President Barack Obama has come under fire in recent days both from the political Left and from the Right for “flip-flopping” on campaign promises.
Among the so-called flip-flops are the following:
• Candidate Obama promised to close Gitmo (Guantanamo Bay, Cuba) while President Obama has kept it open.
• Candidate Obama said he would repeal the “Bush tax cuts” while President Obama has left them in place.
• Candidate Obama supported the healthcare single-payer mandate while President Obama compromised and dropped it from his healthcare proposal.
• Candidate Obama pledged to get the U.S. troops out of Iraq by 2010 but, under President Obama in 2011, the troops are still there.
I can see why the Left would criticize the President for what they perceive to be “flip-flops” and a failure to keep campaign promises, but I cannot understand why the Right is joining in the criticism as well. After all, it is one thing to view an issue from the outside and something all together different to view it from the inside.
For example, when I was an associate pastor I was pretty certain that, were I in charge, I would do things better and much differently. I couldn’t understand why the senior pastor thought, behaved, and acted the way he did.
The problem, of course, was perspective. I was in charge of a limited program in the church and he had to contend with the Big Picture — the whole church. I had no experience in leading and managing a church while he had decades of the same.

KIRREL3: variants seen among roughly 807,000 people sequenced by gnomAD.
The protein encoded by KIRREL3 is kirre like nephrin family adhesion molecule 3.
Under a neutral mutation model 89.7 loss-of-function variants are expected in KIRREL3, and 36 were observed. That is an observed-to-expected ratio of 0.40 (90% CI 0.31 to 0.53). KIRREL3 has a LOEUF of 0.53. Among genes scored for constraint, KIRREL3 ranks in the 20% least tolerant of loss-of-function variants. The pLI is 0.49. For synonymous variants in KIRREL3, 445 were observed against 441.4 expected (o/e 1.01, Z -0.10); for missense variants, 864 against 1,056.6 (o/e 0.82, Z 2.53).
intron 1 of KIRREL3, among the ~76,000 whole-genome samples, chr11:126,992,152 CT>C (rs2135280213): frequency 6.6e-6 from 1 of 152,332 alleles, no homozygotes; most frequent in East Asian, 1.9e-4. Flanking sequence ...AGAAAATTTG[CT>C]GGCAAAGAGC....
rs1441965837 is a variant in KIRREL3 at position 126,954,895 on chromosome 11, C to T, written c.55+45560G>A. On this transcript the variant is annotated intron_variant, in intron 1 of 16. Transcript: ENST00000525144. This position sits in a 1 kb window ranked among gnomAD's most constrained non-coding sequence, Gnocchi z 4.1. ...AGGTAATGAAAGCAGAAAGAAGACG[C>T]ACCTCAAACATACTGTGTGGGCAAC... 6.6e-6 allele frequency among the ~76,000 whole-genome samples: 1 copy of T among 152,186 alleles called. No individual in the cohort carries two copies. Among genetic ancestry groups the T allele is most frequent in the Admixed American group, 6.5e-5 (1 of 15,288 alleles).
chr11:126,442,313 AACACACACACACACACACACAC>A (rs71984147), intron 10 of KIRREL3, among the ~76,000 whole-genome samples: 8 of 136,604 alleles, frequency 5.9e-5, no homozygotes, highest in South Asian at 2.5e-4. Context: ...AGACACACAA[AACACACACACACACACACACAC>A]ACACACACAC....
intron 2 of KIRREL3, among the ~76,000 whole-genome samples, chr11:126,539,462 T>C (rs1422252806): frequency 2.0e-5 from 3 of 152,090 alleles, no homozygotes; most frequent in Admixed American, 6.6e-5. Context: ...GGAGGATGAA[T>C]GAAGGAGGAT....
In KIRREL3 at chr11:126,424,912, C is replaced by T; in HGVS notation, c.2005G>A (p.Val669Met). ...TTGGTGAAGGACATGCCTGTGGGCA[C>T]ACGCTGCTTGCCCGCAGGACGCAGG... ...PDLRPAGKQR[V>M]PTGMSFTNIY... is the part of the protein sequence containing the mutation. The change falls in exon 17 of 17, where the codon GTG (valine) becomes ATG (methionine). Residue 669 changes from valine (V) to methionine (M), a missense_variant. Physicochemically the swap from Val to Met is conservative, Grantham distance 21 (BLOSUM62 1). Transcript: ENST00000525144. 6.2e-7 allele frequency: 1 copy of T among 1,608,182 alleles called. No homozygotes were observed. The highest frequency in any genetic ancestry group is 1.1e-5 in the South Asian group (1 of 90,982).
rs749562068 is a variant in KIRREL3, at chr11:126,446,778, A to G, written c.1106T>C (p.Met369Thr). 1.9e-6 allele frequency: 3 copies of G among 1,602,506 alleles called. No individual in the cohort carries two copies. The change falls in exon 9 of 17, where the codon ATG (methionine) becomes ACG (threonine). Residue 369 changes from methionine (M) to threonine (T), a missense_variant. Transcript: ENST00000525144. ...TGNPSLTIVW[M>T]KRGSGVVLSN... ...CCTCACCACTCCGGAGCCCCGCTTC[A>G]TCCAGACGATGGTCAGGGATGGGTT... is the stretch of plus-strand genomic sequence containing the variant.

When I became a pastor, and the whole responsibility was now in my lap, it was an eye-opener. As St. Paul said, “When I became a man, I put away childish things.” Later, when staff members would criticize my decisions and actions, there were times when I had to remember that I was once where they were. I learned that lesson all over again when, in 2007, I became a bishop.
Instead of criticizing and lambasting the President, why not, my friends on the Right, give the President a break and simply assume that, now that he is no longer a Senator or a candidate, he has had a change in perspective?
When President Clinton veered toward the political center during his term, many saw this as progress and a good thing. Is it so different now?
To be sure, for conservatives — and even for many centrists — there is much about which to disagree with President Obama. But when, from the perspective of the Right, he changes his views to more agreeable positions, why not give him credit?
Personally, I am relieved that the terrorists are staying on Cuban soil, that at least some taxes have not been raised, that the government requirement for a healthcare single-payer mandate is no longer there, and that we did not beat a shameful and hasty retreat (as in the cases of Vietnam and Somalia) from yet another conflict.
For these things, I say, “Thank you, Mr. President.” That doesn’t mean that I support certain other policies but — who knows? Maybe some of these will be moderated to my liking as well.
Like it or not, vote for him or not, Barack Obama is the President of the United States and deserves our prayers, our input, and, when he gets it correct (as we see it), our support.
[David Epps is the pastor of the Cathedral of Christ the King, 4881 Hwy. 34 E., Sharpsburg, GA 30277. Services are held Sundays at 8:30 and 10 a.m. (www.ctkcec.org). He is the bishop of the Mid-South Diocese (www.midsouthdiocese.org) and is the mission pastor of Christ the King Fellowship in Champaign, IL. He may be contacted at firstname.lastname@example.org.]